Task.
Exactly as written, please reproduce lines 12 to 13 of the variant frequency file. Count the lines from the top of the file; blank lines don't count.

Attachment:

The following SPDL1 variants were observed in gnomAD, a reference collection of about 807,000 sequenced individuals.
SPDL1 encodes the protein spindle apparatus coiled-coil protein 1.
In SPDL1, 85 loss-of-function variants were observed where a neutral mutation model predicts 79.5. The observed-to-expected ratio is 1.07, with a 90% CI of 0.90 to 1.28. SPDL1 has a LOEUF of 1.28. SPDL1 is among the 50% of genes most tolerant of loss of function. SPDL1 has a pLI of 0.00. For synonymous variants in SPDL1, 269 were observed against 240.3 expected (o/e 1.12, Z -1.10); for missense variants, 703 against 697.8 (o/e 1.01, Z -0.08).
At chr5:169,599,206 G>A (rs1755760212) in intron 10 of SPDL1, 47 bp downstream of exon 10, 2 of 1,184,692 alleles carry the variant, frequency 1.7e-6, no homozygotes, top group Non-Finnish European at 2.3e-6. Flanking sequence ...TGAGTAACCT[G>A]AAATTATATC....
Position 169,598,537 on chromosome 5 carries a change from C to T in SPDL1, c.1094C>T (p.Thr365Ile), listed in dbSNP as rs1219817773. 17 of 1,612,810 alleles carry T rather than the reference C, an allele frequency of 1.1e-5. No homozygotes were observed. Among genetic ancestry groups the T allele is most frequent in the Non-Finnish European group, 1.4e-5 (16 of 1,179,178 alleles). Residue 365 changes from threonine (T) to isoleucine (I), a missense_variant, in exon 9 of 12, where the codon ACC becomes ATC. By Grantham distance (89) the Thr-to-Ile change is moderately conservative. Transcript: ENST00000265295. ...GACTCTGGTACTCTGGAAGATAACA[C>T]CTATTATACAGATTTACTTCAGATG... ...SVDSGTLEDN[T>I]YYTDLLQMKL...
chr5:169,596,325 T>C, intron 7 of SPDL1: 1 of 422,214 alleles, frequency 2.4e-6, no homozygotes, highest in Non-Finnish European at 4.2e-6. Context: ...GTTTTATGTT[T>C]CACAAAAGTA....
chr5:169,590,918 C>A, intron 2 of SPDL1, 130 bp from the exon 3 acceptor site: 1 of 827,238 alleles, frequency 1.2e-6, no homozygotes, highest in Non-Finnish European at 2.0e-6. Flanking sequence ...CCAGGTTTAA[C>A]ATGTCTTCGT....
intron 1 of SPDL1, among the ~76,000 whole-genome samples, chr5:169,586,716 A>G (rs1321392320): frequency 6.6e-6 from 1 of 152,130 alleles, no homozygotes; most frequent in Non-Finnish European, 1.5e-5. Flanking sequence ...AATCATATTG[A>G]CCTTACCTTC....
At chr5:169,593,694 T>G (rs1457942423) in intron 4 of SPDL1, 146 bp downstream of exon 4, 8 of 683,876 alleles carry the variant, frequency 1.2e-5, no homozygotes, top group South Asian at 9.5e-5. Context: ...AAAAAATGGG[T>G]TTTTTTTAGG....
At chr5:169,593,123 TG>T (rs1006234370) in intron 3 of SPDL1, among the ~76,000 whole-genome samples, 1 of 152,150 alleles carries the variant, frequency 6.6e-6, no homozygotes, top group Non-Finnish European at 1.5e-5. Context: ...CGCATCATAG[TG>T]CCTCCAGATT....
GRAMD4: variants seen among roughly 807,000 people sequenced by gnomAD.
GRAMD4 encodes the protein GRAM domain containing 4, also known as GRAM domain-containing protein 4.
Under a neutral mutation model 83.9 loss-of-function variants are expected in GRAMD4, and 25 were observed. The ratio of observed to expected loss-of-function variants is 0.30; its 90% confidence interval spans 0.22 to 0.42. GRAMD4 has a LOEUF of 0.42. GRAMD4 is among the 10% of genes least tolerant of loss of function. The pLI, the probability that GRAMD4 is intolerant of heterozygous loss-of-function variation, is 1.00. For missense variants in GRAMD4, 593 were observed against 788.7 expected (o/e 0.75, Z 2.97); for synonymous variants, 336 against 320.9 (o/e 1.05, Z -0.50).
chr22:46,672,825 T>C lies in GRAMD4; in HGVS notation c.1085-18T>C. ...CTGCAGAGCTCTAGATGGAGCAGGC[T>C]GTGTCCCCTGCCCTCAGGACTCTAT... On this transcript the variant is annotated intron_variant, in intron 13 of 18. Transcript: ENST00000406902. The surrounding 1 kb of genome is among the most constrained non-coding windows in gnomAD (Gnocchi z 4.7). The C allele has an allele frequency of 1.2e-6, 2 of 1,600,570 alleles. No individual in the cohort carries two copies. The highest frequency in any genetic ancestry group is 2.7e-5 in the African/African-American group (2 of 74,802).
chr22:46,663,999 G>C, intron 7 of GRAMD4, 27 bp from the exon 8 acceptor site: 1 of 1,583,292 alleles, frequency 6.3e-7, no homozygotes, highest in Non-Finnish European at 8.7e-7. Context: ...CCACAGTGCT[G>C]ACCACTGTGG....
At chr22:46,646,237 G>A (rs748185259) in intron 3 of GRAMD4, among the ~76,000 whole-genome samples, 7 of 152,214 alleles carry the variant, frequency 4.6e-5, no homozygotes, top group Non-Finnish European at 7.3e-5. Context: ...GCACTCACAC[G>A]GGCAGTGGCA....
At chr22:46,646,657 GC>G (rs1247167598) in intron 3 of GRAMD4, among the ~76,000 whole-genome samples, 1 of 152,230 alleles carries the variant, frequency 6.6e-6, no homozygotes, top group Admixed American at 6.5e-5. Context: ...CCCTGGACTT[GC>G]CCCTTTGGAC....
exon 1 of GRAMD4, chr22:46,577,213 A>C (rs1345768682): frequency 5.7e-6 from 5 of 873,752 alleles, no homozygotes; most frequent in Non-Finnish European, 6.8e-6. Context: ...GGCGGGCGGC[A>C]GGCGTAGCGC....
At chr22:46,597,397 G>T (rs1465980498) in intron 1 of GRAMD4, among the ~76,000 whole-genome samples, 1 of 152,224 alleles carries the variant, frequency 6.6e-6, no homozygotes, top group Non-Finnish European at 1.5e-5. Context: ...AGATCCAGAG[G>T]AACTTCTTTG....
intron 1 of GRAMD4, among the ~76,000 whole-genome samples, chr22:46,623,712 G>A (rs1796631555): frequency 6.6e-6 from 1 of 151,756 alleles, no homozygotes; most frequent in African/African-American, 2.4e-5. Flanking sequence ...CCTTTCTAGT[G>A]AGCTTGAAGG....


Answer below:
GRAMD4 encodes the protein GRAM domain containing 4, also known as GRAM domain-containing protein 4.
Under a neutral mutation model 83.9 loss-of-function variants are expected in GRAMD4, and 25 were observed. The ratio of observed to expected loss-of-function variants is 0.30; its 90% confidence interval spans 0.22 to 0.42. GRAMD4 has a LOEUF of 0.42. GRAMD4 is among the 10% of genes least tolerant of loss of function. The pLI, the probability that GRAMD4 is intolerant of heterozygous loss-of-function variation, is 1.00. For missense variants in GRAMD4, 593 were observed against 788.7 expected (o/e 0.75, Z 2.97); for synonymous variants, 336 against 320.9 (o/e 1.05, Z -0.50).